Efforts to force a stronger U.S. global warming policy through the courtroom came under sharp scrutiny yesterday as eight states, New York City and conservation groups pressed for reduced greenhouse gas emissions from the nation’s five largest electric utilities.

A three-judge panel of the 2nd U.S. Circuit Court of Appeals pressed plaintiffs over why their case was necessary when other avenues exist for addressing global warming – from Capitol Hill to state courts. “My basic question is should we be invoking this doctrine in this very unusual case when there are many other remedies available?” asked Judge Sonia Sotomayor, the lone Democratic appointee on the 2nd Circuit’s panel.

Connecticut Attorney General Richard Blumenthal (D) replied that the utilities’ emissions violate federal common law by harming residents in multiple states. The utilities’ emissions are creating a public nuisance and must be reduced to counteract a variety of global warming effects, including California’s diminished snow pack and more intense heat waves.

Addressing Sotomayor’s question, Blumenthal said his case is not unusual compared with other seminal common law challenges upheld by the Supreme Court, including suits over Illinois sewer water running into Lake Michigan and air pollution from two Tennessee smelters.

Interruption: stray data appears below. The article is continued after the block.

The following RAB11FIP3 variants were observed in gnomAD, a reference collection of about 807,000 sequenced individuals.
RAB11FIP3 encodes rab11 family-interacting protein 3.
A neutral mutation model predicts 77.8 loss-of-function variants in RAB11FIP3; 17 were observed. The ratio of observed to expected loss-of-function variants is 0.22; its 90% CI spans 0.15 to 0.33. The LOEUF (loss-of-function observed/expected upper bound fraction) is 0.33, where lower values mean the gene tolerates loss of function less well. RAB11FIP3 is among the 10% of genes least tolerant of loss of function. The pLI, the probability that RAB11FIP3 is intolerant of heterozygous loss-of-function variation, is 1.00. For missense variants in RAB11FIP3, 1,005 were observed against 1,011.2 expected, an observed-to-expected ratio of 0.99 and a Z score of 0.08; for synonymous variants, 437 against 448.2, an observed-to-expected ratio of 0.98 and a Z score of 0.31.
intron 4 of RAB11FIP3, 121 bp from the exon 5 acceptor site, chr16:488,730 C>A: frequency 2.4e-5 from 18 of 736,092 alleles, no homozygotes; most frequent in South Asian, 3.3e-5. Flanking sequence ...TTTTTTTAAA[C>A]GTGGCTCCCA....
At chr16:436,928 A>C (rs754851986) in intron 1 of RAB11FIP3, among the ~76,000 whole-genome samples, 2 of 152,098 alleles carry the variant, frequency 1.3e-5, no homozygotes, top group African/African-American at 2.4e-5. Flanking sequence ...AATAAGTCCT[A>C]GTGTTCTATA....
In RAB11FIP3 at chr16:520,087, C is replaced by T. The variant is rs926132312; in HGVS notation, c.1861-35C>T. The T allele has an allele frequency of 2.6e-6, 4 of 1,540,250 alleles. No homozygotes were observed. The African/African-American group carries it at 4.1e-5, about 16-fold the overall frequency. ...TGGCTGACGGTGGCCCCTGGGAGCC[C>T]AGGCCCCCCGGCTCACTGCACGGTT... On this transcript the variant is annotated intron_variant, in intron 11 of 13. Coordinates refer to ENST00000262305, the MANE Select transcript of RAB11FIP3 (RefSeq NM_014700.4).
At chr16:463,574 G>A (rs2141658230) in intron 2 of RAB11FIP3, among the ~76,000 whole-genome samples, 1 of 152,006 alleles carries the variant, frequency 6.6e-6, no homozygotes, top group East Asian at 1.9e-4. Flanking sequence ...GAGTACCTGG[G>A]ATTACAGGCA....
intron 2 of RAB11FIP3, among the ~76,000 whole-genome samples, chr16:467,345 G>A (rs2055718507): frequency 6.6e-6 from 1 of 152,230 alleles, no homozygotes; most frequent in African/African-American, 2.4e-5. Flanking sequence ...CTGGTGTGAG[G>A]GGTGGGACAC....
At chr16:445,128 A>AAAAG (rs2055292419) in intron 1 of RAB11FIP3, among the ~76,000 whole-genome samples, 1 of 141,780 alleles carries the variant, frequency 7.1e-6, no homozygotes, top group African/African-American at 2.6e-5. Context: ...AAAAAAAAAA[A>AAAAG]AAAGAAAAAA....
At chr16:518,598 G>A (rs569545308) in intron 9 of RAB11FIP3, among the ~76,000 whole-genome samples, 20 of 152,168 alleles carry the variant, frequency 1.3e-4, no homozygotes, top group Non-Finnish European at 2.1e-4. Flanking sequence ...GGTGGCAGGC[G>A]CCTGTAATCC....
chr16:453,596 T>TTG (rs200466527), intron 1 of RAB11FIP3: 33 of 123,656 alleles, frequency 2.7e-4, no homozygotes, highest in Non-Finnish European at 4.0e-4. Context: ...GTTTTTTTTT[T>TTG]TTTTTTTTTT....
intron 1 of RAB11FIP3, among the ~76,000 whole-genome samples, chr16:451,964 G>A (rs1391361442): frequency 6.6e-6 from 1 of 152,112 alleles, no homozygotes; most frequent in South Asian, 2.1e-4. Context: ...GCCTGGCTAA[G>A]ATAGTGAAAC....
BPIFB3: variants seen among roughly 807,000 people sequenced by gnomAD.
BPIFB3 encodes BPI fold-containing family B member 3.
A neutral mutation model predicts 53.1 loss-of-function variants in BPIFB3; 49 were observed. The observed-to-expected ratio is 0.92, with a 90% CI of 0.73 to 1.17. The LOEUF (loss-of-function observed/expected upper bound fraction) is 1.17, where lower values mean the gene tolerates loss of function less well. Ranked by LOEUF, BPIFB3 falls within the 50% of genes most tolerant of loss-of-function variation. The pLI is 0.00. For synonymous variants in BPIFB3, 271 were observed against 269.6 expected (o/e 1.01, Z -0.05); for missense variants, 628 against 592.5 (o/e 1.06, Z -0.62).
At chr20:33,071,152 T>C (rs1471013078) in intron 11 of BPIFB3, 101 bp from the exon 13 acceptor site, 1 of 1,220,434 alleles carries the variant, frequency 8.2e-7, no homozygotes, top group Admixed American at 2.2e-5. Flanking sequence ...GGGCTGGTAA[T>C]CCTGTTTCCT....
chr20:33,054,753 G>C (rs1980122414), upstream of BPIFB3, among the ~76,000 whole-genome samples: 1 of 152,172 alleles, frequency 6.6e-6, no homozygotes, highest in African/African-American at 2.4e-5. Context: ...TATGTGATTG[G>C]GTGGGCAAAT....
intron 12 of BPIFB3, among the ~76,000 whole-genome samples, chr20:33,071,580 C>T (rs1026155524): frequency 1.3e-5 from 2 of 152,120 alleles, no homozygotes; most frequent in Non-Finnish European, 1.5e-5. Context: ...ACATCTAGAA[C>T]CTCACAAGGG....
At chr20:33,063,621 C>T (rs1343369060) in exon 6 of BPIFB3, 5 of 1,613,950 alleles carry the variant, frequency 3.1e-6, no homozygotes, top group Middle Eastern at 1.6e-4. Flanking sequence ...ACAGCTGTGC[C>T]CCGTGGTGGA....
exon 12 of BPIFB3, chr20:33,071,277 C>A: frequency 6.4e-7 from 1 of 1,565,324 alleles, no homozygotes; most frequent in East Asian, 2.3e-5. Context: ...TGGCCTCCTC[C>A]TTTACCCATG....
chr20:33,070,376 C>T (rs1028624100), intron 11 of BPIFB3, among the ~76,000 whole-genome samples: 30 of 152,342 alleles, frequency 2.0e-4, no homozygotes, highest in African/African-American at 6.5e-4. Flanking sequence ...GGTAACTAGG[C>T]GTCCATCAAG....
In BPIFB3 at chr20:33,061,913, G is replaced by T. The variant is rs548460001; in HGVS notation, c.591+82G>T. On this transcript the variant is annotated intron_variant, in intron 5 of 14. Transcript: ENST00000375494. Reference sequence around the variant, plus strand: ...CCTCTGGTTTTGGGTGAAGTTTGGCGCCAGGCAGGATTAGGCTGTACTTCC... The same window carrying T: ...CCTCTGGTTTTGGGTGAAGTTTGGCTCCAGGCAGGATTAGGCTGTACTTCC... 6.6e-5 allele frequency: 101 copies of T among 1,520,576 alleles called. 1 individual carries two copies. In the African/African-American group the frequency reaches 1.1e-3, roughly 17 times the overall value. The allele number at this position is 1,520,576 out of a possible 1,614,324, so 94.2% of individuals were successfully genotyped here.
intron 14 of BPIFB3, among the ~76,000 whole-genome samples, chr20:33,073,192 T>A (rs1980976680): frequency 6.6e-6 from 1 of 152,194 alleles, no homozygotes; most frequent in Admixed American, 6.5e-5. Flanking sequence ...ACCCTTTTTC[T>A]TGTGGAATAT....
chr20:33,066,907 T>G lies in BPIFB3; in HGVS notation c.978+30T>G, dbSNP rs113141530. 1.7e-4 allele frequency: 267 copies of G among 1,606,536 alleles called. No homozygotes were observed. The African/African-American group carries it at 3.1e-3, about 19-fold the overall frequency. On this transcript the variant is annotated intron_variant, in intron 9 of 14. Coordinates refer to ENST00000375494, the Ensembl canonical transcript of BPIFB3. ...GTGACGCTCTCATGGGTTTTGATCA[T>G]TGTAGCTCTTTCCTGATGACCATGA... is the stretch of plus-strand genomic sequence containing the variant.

“We’re dealing with a developing area of science where federal common law provides a remedy under the doctrines that exist,” Blumenthal said.

Plaintiffs singled out the five companies and their subsidiaries for litigation almost two years ago because they are the largest emitters of carbon dioxide from the power sector in the United States.

… The electric utilities’ defense covered some of the same ground offered successfully last summer before a federal district court, which dismissed the case on the grounds it raised political questions better left to the other two government branches. Both current and former sessions of Congress and presidents have not adopted such an aggressive climate change policy, argued Washington-based industry attorney Joseph Guerra.

Guerra also insisted federal common law has not been applied to an issue of such sweeping scale. Of the Supreme Court precedents Blumenthal cited, Guerra replied, “None of those cases could have possibly affected the entire U.S. economy.”

Pushing another line of the industry’s defense, Guerra cautioned the litigation would be a precursor to more global-warming nuisance claims – with no end in sight as plaintiffs tick through other sources of greenhouse gas emissions.

But Sotomayor, who asked the bulk of the questions during the hearing, took issue with the line of industry defense. “That’s the nature of every tort action,” she told the utility attorney.